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News & Events > Alumnae News > Ella Fenton is planning an Expedition to the North Pole

Ella Fenton is planning an Expedition to the North Pole

ELLA FENTON (2020 Leaver) is joining the Ice Warrior Project and their next scientific expedition to the North Pole ... read more about her preparations for this exciting challenge

After leaving Calne in 2020 I attended the University of Edinburgh, where I am now in my second year of a Geography BSc degree. My family are in the process of moving down to Devon, and it was whilst spending time here that I came across the ‘Ice Warrior Base Camp’ store in Princetown and met polar explorer Jim McNeill and his partner Sam Clifford. They explained to me about the Ice Warrior Project, and their next scientific expedition to the Northern Pole of Inaccessibility!

The Northern Pole of Inaccessibility is the furthest point from three points of land on the Artic Ocean and has never been reached by humans before. The Ice Warrior Project’s ‘Last Pole Expedition’ aimed to be the first to reach the pole, as well as undertaking climate data collection along a transect on the way.

I was immediately interested in taking part and joining the project and, after sending in an application form, I found myself on a ‘selection weekend’ in Dartmoor to be accepted onto the expedition team. I was the only girl on my selection weekend (there were a few others on the expedition team that had already undertaken selection), which consisted of navigation tests, sleeping outdoors and a lack of food and water to mimic the arctic conditions and test our limits!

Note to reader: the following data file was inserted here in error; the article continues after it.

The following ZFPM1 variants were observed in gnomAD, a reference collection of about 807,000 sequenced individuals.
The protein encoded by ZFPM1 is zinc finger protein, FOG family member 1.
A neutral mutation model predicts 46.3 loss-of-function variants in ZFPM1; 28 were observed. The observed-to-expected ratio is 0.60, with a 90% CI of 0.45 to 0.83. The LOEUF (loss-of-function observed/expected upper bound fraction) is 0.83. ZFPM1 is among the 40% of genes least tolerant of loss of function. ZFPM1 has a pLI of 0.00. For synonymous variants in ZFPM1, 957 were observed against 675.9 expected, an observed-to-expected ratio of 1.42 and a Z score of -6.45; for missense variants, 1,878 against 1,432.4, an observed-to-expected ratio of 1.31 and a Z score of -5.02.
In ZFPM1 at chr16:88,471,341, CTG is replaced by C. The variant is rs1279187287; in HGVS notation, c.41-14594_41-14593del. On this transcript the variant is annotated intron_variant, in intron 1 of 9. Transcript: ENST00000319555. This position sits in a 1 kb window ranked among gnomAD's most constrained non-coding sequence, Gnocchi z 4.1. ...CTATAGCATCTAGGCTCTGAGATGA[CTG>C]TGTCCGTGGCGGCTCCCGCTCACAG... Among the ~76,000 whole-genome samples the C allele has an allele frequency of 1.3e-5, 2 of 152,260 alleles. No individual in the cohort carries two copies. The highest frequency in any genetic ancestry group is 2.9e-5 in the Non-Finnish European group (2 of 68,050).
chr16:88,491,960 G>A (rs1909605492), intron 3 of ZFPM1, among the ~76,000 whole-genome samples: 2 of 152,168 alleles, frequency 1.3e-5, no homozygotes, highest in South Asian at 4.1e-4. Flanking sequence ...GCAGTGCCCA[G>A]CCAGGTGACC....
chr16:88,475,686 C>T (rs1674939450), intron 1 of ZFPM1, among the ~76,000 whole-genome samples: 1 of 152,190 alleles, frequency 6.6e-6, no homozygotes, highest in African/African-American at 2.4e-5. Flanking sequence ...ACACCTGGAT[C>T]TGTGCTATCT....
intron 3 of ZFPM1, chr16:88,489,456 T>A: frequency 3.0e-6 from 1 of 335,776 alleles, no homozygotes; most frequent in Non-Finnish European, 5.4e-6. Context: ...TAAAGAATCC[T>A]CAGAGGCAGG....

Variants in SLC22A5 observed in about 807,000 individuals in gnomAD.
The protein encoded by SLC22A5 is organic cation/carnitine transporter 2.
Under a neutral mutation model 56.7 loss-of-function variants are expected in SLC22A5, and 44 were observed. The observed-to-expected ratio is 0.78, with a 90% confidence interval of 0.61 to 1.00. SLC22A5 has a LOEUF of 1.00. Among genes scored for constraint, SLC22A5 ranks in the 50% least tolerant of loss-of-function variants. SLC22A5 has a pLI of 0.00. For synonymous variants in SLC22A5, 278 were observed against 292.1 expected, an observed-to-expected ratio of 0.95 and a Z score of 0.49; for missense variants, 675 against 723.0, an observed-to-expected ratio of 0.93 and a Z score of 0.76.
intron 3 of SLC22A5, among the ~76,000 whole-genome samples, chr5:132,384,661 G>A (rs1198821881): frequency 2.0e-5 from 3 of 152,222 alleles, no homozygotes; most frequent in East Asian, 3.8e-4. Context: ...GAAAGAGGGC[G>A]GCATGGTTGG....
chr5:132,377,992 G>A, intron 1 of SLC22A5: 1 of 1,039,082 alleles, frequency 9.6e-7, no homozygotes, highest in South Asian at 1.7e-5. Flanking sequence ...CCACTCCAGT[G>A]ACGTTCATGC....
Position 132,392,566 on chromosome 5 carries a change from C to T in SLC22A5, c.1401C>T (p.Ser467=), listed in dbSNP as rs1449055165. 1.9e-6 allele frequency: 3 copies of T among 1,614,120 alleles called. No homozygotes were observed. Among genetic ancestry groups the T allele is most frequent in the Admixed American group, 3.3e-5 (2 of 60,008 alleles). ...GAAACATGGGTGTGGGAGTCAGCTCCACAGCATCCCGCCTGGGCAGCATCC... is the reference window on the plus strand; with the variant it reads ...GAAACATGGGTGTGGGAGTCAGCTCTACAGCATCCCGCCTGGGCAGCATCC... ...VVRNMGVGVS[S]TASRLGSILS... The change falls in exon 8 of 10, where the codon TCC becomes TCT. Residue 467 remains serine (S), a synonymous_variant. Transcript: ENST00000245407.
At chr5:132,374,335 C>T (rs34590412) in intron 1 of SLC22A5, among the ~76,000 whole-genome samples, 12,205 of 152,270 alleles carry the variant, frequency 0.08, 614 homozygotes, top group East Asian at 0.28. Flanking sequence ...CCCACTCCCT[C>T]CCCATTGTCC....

My motivations behind wanting to sign up for this amazing opportunity were mainly driven for my passions in the outdoors and geography. The opportunity to travel and see more of the world and learn about the polar regions is also extremely exciting – especially in post Covid times! I’ve met people from all over the UK through the programme and we all share a passion for the outdoors, an interest in contributing to our improved understanding of the world we live in, a huge sense of adventure and above all a desire to push ourselves further than ever before. It has been an amazing experience for me already, having not even left the UK yet I have formed unbreakable connections with people who I would never have thought I could do this with. Being the youngest on the team also means I’ve learned loads of life skills from my fellow teammates which are entirely unrelated to the expedition – apparently there’s an order to wash up your dishes in after cooking! I’ve also learnt how to cook in bulk during my slot on the cooking rota for one of the later training courses!